The use of such stories while interacting with the fans is more likely to bring success than just ordinary sales. In such a case, the brain does not have a stopper, that they are trying to “sell” it something.
We ourselves confer value to myths. Regardless of what they are. Be it a national idea, a religious one, or the value of a monetary unit. But it is always much easier to build a myth on the values that are genetically instilled in us.
For example, do you have the idea of how the mechanism of trust works? I’ve addressed that issue in an article on how to motivate employees to work more for less money. Trust is our unconscious work for society in order to increase our chances of survival, receiving assistance, and reproducing offspring.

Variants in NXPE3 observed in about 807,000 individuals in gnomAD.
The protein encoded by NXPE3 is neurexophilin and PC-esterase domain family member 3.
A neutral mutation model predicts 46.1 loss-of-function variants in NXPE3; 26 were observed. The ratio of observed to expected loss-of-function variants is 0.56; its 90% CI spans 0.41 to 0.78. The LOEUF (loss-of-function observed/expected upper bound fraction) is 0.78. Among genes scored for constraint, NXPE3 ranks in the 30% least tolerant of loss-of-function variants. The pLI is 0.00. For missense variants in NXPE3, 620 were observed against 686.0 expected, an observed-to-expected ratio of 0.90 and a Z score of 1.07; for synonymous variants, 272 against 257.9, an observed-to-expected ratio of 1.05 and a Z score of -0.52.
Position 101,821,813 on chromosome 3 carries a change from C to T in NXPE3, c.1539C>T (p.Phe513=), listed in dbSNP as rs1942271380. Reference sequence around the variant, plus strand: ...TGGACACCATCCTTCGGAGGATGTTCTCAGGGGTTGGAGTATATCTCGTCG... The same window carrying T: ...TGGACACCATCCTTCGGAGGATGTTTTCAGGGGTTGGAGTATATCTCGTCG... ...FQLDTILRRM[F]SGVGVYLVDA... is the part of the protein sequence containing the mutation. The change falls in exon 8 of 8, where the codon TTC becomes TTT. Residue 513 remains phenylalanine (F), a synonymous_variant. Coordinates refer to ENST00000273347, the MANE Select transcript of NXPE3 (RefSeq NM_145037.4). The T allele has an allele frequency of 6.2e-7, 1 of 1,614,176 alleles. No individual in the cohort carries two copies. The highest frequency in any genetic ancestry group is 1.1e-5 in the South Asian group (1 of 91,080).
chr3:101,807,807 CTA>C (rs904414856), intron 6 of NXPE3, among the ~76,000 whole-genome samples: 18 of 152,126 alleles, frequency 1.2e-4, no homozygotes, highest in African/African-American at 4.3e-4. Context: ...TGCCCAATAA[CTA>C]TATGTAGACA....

While the emerging desire to give back for betraying trust and violating the rules established in society is the reverse side of the coin. That’s the way evolution supports our distinctive feature—high sociality. It is impossible without trust.
The costs of mistrust are extremely high: more time is spent on making a deal, fewer deals are made. As a result, due to the lack of social capital, the whole society suffers. Any economically developed state is just distinguished by a high level of trust.
Thus, when we take the myth and build it on such basic principles as respecting social norms and combating injustice, we get a successful decision for ourselves.